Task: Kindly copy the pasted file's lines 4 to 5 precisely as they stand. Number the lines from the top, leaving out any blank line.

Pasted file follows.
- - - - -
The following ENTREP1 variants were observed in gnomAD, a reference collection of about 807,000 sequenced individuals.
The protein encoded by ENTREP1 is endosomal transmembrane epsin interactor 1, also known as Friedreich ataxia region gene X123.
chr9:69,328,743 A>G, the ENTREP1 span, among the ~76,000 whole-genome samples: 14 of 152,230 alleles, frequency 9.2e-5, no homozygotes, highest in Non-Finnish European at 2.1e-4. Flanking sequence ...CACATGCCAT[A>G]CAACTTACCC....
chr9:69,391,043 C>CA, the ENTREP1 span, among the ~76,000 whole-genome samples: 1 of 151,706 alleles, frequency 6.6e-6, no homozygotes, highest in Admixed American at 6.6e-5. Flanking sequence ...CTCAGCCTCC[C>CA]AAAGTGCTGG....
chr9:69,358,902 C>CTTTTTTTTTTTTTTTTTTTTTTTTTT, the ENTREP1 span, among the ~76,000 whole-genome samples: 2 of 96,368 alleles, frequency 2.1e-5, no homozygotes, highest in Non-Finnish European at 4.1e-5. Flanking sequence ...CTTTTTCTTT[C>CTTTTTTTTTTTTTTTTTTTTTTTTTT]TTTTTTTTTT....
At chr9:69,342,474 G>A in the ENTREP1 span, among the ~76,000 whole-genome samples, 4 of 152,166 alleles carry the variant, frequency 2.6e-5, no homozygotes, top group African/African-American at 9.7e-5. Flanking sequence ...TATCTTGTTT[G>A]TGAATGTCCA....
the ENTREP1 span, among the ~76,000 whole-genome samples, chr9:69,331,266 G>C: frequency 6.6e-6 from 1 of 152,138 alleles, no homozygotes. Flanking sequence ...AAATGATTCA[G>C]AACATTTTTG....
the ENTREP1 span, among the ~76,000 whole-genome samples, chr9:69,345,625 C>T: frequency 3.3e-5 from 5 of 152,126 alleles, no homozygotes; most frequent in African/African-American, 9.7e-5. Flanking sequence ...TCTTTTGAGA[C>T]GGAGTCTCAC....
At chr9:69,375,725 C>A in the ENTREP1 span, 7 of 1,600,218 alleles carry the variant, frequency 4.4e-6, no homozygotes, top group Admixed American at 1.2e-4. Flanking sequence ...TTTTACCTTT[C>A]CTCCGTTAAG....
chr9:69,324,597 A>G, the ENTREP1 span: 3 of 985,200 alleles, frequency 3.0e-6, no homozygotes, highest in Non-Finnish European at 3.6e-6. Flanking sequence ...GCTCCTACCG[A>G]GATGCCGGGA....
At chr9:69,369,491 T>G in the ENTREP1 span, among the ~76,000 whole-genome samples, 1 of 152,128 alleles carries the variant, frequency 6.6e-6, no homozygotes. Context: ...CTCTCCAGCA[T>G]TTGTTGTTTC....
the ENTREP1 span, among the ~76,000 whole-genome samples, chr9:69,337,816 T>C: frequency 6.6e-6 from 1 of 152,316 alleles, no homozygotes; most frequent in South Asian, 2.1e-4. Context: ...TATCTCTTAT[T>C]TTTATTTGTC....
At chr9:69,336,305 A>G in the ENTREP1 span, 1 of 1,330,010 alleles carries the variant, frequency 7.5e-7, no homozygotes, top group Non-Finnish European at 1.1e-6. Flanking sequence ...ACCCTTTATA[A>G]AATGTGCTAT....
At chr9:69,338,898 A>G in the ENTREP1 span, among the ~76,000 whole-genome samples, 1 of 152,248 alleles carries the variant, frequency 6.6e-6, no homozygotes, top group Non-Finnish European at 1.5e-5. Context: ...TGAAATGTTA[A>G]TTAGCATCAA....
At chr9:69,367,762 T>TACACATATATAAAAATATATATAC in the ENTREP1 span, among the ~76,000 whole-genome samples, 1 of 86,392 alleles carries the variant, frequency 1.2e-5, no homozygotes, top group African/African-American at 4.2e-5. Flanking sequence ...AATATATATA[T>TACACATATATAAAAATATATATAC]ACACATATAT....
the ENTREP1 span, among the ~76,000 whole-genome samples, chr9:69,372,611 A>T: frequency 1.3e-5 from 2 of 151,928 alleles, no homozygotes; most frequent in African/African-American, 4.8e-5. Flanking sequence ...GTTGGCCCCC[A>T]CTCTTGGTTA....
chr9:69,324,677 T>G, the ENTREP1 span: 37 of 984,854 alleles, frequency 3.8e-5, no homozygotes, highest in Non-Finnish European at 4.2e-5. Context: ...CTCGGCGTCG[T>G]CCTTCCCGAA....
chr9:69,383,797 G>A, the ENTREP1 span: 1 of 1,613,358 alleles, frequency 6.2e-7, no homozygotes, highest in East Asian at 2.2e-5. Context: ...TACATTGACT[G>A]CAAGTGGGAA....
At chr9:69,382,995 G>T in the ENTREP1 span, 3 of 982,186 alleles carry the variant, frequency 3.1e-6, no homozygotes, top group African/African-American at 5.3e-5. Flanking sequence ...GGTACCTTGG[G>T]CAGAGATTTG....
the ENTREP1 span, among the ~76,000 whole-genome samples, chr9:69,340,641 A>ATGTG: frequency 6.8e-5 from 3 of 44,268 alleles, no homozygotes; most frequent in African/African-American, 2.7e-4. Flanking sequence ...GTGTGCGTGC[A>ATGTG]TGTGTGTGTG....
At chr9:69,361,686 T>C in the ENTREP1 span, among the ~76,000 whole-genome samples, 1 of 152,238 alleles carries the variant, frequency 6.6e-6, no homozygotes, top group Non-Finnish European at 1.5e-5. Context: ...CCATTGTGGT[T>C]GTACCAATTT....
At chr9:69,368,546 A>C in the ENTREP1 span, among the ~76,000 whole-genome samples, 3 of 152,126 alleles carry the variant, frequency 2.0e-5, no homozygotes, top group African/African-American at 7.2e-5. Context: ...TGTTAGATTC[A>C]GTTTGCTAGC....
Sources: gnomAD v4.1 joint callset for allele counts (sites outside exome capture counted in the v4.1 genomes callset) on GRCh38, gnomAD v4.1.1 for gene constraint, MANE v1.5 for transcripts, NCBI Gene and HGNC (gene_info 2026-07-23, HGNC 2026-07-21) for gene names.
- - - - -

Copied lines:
chr9:69,391,043 C>CA, the ENTREP1 span, among the ~76,000 whole-genome samples: 1 of 151,706 alleles, frequency 6.6e-6, no homozygotes, highest in Admixed American at 6.6e-5. Flanking sequence ...CTCAGCCTCC[C>CA]AAAGTGCTGG....
chr9:69,358,902 C>CTTTTTTTTTTTTTTTTTTTTTTTTTT, the ENTREP1 span, among the ~76,000 whole-genome samples: 2 of 96,368 alleles, frequency 2.1e-5, no homozygotes, highest in Non-Finnish European at 4.1e-5. Flanking sequence ...CTTTTTCTTT[C>CTTTTTTTTTTTTTTTTTTTTTTTTTT]TTTTTTTTTT....